On December 5th, KFF posted a press release about their recently published 2023 Racism, Discrimination and Health Survey. The survey, a large, nationally representative sample of over 6,000 responses illustrates the experiences of racism and discrimination across racial and ethnic groups. The survey explores experiences related to economic circumstances, interactions with police, discrimination in daily life and accessing medical care, and overall impact of these experiences on health and well-being.
A key takeaway from the report highlights ongoing residential segregation patterns that impact people of color, resulting in their feeling less safe in their homes and neighborhoods and experiencing higher rates of police violence compared to White adults. In fact, “[a]t least half of AIAN, Black, and Hispanic adults and about four in ten Asian adults say they have experienced at least one type of discrimination in daily life at least a few times in the past year, and they are more likely to say these experiences were due to their race or ethnicity compared to their White counterparts,” (Kaiser survey findings).
We know that racism and systemic oppression traumatizes our communities and impacts the well-being of us all. In order to achieve health equity and dismantle systemic oppression, we must work together to change the conditions that make it possible for oppression and trauma to persist in our communities.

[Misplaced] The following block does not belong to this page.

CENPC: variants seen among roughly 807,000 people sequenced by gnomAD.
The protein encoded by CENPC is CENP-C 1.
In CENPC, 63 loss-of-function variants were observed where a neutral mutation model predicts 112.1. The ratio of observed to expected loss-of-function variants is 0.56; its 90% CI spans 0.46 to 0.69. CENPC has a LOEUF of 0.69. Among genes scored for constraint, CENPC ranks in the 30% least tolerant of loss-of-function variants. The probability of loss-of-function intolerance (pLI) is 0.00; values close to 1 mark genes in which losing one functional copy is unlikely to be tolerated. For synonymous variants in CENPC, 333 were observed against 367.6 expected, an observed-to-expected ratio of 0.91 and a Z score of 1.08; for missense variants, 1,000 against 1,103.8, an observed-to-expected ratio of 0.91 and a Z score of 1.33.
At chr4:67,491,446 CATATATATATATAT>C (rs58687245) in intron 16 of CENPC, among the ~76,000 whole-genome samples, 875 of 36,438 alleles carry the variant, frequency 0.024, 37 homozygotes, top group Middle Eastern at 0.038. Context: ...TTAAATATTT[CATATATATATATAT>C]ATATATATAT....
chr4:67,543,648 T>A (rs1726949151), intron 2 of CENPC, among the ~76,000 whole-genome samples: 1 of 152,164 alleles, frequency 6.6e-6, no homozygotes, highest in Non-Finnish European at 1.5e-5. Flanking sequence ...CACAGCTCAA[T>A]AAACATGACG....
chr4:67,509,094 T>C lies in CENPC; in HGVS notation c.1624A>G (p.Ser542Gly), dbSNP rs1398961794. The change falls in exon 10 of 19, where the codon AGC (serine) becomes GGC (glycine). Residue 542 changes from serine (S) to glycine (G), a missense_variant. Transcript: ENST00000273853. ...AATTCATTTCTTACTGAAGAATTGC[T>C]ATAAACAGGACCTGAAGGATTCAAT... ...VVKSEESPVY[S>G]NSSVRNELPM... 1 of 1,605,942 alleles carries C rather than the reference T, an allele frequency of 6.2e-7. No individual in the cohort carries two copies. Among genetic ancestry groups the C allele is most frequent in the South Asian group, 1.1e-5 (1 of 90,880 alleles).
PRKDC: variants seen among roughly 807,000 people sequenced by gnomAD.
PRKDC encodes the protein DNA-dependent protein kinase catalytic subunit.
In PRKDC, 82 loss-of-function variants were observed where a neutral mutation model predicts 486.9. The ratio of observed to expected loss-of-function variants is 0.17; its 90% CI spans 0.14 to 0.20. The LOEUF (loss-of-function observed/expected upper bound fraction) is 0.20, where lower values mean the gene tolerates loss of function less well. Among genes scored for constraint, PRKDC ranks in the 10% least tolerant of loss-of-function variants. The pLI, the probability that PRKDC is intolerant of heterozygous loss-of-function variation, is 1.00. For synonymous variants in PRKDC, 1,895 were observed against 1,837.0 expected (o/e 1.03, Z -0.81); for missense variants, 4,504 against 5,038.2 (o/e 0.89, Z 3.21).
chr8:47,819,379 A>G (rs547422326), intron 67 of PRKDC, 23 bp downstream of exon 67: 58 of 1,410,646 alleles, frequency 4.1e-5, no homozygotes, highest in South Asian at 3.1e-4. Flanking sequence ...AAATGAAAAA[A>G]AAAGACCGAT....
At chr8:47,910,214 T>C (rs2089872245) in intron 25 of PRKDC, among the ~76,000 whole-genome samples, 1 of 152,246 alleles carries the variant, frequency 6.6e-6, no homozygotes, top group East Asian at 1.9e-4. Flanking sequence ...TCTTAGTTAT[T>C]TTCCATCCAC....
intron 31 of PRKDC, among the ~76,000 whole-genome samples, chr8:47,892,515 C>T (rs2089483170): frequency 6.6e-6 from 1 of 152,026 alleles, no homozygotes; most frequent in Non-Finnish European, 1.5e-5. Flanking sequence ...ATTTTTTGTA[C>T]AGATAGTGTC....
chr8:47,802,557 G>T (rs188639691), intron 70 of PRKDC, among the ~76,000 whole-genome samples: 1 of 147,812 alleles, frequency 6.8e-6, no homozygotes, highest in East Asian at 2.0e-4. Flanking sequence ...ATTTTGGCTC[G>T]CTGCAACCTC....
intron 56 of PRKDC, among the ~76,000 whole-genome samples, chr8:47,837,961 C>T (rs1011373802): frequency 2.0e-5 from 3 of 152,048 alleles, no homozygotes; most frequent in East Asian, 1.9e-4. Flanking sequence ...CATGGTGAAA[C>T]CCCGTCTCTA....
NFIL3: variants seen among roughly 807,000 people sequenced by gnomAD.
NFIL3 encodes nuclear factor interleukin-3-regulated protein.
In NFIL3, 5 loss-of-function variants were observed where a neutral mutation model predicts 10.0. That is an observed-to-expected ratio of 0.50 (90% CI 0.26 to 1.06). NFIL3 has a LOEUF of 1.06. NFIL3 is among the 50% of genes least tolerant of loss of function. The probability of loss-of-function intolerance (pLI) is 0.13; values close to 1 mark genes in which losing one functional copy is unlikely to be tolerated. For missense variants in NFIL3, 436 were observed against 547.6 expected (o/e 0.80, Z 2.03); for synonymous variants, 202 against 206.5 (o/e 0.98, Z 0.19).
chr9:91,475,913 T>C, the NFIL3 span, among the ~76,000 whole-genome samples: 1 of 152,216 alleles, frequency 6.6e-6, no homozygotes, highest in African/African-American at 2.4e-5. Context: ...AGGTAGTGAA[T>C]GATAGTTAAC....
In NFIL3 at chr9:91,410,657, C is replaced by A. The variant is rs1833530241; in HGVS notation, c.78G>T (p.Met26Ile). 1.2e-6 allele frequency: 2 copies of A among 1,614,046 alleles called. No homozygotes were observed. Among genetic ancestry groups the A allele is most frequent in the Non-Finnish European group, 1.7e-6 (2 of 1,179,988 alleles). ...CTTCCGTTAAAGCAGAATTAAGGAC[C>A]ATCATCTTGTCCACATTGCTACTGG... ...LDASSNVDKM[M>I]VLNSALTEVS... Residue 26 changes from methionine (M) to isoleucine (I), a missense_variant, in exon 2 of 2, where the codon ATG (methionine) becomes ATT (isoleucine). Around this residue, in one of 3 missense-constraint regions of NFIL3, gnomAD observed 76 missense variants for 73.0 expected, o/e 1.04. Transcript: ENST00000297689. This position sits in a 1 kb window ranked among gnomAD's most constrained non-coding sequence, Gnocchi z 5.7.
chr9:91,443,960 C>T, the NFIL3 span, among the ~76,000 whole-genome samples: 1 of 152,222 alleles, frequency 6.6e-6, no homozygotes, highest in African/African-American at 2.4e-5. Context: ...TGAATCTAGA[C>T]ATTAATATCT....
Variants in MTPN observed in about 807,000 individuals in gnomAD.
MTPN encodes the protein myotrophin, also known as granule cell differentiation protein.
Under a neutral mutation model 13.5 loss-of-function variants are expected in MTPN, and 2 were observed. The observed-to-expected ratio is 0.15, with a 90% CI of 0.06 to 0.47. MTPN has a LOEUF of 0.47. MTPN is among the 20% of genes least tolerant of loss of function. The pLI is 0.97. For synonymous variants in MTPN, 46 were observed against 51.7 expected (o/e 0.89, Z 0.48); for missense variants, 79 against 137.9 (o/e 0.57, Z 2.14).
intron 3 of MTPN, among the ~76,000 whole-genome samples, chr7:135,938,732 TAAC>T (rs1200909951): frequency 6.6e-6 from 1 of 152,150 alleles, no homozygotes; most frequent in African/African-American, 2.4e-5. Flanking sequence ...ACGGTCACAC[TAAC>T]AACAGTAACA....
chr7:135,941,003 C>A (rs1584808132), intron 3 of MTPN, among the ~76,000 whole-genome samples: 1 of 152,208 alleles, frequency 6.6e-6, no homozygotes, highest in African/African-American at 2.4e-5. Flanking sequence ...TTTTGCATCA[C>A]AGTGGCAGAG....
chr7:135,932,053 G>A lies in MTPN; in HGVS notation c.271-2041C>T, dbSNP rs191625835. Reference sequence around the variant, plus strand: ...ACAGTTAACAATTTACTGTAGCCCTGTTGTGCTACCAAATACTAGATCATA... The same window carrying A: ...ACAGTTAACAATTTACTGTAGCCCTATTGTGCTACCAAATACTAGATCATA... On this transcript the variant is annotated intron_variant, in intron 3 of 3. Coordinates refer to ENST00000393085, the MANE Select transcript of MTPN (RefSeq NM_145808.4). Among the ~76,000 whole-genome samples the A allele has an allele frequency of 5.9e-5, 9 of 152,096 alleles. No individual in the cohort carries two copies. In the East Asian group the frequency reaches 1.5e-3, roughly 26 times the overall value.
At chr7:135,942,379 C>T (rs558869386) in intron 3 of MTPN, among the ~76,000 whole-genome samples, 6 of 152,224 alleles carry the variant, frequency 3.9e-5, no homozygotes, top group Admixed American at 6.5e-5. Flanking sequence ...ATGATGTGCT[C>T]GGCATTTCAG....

The survey also highlighted that people of color face discrimination in health care settings related to their appearance. Among survey respondents who used health care in the past three years, six-in-10 (60%) Black adults, about half of American Indian and Alaska Native (52%) and Hispanic (51%) adults, and four-in-10 (42%) Asian adults reported preparing for possible insults by health care providers and/or feeling pressure to take care of their appearance in order to be “treated fairly during health care visits at least some of the time”.
We know that barriers to accessing care dramatically impact the health and well-being of individuals in our communities. Missing appointments due to fears of discrimination or rude behavior prevents folx from seeking life-saving and necessary health care.